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Fable of the Day: Leo socius (Phaedrus)

Numquam est fidelis cum potente societas.
Testatur haec fabella propositum meum.
Vacca et capella et patiens ovis iniuriae
socii fuere cum leone in saltibus.
Hi cum cepissent cervum vasti corporis,
sic est locutus partibus factis leo:
"Ego primam tollo nomine hoc quia rex cluo;
secundam, quia sum consors, tribuetis mihi;
tum, quia plus valeo, me sequetur tertia;
malo adficietur si quis quartam tetigerit".
Sic totam praedam sola improbitas abstulit.

Source: Phaedrus.

Parallels: For parallel versions, see Perry 339.

Here is the poem in a more prose-like word order for easy reading:

Numquam societas cum potente est fidelis.
Haec fabella testatur propositum meum.
Vacca et capella et ovis patiens iniuriae
fuere socii cum leone in saltibus.
Cum hi cepissent cervum vasti corporis,
partibus factis, sic leo locutus est:
"Ego tollo primam quia hoc nomine cluo rex;
secundam tribuetis mihi, quia sum consors;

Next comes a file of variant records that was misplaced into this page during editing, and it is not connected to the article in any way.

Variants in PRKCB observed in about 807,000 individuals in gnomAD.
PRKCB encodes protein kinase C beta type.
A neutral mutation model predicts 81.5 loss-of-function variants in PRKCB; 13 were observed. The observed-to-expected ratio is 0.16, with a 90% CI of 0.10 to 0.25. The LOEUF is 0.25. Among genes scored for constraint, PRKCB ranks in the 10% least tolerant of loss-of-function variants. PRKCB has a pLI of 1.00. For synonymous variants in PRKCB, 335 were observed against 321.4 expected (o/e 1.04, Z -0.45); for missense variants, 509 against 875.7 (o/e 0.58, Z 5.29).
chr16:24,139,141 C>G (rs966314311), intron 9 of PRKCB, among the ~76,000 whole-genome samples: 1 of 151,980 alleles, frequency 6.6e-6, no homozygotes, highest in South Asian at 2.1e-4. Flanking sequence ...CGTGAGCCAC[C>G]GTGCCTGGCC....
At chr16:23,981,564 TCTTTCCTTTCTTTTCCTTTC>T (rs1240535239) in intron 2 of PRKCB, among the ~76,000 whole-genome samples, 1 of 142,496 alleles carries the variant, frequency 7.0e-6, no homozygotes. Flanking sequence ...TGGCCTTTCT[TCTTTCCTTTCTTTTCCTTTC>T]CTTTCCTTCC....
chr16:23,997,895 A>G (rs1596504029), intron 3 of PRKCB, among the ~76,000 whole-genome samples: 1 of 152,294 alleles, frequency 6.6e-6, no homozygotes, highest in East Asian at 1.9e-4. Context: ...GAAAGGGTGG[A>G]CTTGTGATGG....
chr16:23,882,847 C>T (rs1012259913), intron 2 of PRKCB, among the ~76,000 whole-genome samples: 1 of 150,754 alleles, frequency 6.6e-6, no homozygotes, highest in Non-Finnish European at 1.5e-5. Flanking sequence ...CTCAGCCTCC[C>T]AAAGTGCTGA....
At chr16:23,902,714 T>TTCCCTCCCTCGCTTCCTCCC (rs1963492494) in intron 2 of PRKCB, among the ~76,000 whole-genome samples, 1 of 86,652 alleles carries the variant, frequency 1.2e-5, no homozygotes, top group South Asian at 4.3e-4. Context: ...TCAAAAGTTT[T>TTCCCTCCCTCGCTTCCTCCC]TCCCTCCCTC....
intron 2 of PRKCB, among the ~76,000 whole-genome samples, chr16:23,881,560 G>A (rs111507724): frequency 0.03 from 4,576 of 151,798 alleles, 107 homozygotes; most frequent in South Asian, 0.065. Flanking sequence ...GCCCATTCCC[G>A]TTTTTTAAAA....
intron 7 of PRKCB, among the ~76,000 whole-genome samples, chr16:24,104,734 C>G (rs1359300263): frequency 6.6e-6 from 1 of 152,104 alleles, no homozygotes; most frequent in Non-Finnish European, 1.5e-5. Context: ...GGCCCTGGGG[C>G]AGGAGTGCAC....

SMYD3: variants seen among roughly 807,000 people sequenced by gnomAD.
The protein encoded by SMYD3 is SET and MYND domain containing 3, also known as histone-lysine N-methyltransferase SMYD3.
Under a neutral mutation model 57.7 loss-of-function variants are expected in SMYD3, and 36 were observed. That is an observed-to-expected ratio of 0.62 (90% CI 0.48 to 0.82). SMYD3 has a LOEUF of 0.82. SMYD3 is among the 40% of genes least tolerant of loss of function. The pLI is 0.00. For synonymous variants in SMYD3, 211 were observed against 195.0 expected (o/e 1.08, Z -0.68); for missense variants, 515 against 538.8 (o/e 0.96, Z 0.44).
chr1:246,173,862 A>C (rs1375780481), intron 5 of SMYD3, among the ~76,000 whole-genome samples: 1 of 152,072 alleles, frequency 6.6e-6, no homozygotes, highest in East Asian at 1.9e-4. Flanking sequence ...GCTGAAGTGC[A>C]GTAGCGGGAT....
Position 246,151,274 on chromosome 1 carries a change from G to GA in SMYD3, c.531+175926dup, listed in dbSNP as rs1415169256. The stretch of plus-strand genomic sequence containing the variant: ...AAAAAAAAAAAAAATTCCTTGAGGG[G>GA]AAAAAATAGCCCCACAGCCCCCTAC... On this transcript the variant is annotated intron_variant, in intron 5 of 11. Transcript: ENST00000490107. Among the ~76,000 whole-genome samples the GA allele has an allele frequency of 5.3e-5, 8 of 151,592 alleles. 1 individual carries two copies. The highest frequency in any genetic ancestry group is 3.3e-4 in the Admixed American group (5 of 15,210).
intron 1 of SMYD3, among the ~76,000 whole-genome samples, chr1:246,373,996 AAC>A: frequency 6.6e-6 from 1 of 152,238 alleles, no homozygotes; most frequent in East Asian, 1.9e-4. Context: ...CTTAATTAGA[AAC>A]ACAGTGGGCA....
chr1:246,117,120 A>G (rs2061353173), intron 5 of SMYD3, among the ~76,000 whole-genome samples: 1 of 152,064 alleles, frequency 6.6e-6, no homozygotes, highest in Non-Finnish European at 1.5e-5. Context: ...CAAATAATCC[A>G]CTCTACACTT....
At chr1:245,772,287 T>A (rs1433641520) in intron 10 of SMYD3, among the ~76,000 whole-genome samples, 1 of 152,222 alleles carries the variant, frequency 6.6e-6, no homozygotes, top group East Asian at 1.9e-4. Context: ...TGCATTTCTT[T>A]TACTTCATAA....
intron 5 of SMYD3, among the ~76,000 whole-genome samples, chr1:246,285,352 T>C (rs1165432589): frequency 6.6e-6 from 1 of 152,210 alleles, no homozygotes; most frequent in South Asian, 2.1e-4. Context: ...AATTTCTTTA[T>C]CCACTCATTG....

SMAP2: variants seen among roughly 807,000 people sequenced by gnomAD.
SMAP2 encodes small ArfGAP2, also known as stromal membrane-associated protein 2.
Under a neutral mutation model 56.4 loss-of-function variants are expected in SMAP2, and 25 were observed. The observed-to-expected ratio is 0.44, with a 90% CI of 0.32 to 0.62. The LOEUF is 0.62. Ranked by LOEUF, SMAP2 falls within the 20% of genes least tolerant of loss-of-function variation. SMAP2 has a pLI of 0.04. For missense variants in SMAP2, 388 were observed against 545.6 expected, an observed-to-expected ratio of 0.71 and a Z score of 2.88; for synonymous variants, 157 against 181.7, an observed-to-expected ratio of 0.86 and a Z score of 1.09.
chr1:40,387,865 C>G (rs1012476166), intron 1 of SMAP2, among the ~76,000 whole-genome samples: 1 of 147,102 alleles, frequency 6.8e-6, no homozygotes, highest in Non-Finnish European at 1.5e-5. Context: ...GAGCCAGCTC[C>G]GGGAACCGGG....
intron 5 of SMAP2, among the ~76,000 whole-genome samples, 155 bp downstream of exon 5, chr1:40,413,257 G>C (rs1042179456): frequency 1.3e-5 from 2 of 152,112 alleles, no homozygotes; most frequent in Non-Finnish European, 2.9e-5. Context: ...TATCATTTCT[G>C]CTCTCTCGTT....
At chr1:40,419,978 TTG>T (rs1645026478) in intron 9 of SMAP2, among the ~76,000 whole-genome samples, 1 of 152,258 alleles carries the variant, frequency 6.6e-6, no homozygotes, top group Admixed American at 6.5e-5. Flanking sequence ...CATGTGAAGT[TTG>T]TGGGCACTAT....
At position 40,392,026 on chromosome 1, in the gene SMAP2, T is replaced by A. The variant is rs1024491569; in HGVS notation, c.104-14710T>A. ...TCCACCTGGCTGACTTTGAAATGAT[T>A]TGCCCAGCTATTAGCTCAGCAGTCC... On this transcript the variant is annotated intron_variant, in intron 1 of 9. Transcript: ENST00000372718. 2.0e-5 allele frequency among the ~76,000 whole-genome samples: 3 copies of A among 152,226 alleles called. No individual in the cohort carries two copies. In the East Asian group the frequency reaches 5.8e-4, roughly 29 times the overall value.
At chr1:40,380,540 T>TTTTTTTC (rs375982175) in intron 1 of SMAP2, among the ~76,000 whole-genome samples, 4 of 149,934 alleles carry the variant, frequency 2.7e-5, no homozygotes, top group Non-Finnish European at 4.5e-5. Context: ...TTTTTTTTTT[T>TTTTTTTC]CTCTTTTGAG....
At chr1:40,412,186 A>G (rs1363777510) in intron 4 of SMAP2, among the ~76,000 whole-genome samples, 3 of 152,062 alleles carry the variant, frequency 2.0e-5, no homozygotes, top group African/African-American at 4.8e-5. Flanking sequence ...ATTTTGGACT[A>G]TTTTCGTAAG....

tum, tertia sequetur me quia plus valeo;
si quis tetigerit quartam, adficietur malo."
Sic improbitas sola abstulit totam praedam.


An alliance with a powerful person is never reliable. This little story proves my contention. A heifer and a she-goat and a long-suffering sheep were allies with a lion in the woods. When they had seized a gigantic stag, and it had been divided into parts, the lion spoke these words: "I take the first part because by name I am called king; you will give the second part to me because I am one of the team; then, the third part will go to me because I am stronger; if anyone should touch the fourth part, he will find himself in trouble." So it is that wickedness all by itself carried off the whole prize.

[This translation is meant as a help in understanding the story, not as a "crib" for the Latin. I have not hesitated to change the syntax to make it flow more smoothly in English, altering the verb tense consistently to narrative past tense, etc.]


Here is an illustration from an early printed edition; click on the image for a larger view.

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